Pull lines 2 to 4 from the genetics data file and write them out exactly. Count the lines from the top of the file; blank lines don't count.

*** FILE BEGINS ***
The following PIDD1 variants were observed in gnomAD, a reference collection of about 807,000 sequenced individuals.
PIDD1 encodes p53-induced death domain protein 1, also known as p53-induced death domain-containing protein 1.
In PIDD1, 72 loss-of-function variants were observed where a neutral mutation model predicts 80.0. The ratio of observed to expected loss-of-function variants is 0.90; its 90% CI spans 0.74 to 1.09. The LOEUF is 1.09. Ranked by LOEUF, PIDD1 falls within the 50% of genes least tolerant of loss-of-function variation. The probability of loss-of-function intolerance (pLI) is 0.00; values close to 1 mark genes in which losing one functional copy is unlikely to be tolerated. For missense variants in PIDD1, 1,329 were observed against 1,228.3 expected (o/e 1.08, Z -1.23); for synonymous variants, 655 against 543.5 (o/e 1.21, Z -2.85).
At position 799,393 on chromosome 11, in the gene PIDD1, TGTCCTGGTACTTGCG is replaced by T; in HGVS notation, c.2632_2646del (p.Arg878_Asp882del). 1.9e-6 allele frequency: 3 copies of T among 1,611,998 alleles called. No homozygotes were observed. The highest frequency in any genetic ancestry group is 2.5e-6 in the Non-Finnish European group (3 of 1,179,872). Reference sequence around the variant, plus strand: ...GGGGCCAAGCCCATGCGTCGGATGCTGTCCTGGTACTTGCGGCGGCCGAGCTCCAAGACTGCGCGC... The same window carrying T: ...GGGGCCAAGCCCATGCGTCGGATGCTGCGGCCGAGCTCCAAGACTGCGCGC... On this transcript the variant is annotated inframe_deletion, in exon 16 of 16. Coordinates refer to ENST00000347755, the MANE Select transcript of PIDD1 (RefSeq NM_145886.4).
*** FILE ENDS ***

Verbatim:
PIDD1 encodes p53-induced death domain protein 1, also known as p53-induced death domain-containing protein 1.
In PIDD1, 72 loss-of-function variants were observed where a neutral mutation model predicts 80.0. The ratio of observed to expected loss-of-function variants is 0.90; its 90% CI spans 0.74 to 1.09. The LOEUF is 1.09. Ranked by LOEUF, PIDD1 falls within the 50% of genes least tolerant of loss-of-function variation. The probability of loss-of-function intolerance (pLI) is 0.00; values close to 1 mark genes in which losing one functional copy is unlikely to be tolerated. For missense variants in PIDD1, 1,329 were observed against 1,228.3 expected (o/e 1.08, Z -1.23); for synonymous variants, 655 against 543.5 (o/e 1.21, Z -2.85).
At position 799,393 on chromosome 11, in the gene PIDD1, TGTCCTGGTACTTGCG is replaced by T; in HGVS notation, c.2632_2646del (p.Arg878_Asp882del). 1.9e-6 allele frequency: 3 copies of T among 1,611,998 alleles called. No homozygotes were observed. The highest frequency in any genetic ancestry group is 2.5e-6 in the Non-Finnish European group (3 of 1,179,872). Reference sequence around the variant, plus strand: ...GGGGCCAAGCCCATGCGTCGGATGCTGTCCTGGTACTTGCGGCGGCCGAGCTCCAAGACTGCGCGC... The same window carrying T: ...GGGGCCAAGCCCATGCGTCGGATGCTGCGGCCGAGCTCCAAGACTGCGCGC... On this transcript the variant is annotated inframe_deletion, in exon 16 of 16. Coordinates refer to ENST00000347755, the MANE Select transcript of PIDD1 (RefSeq NM_145886.4).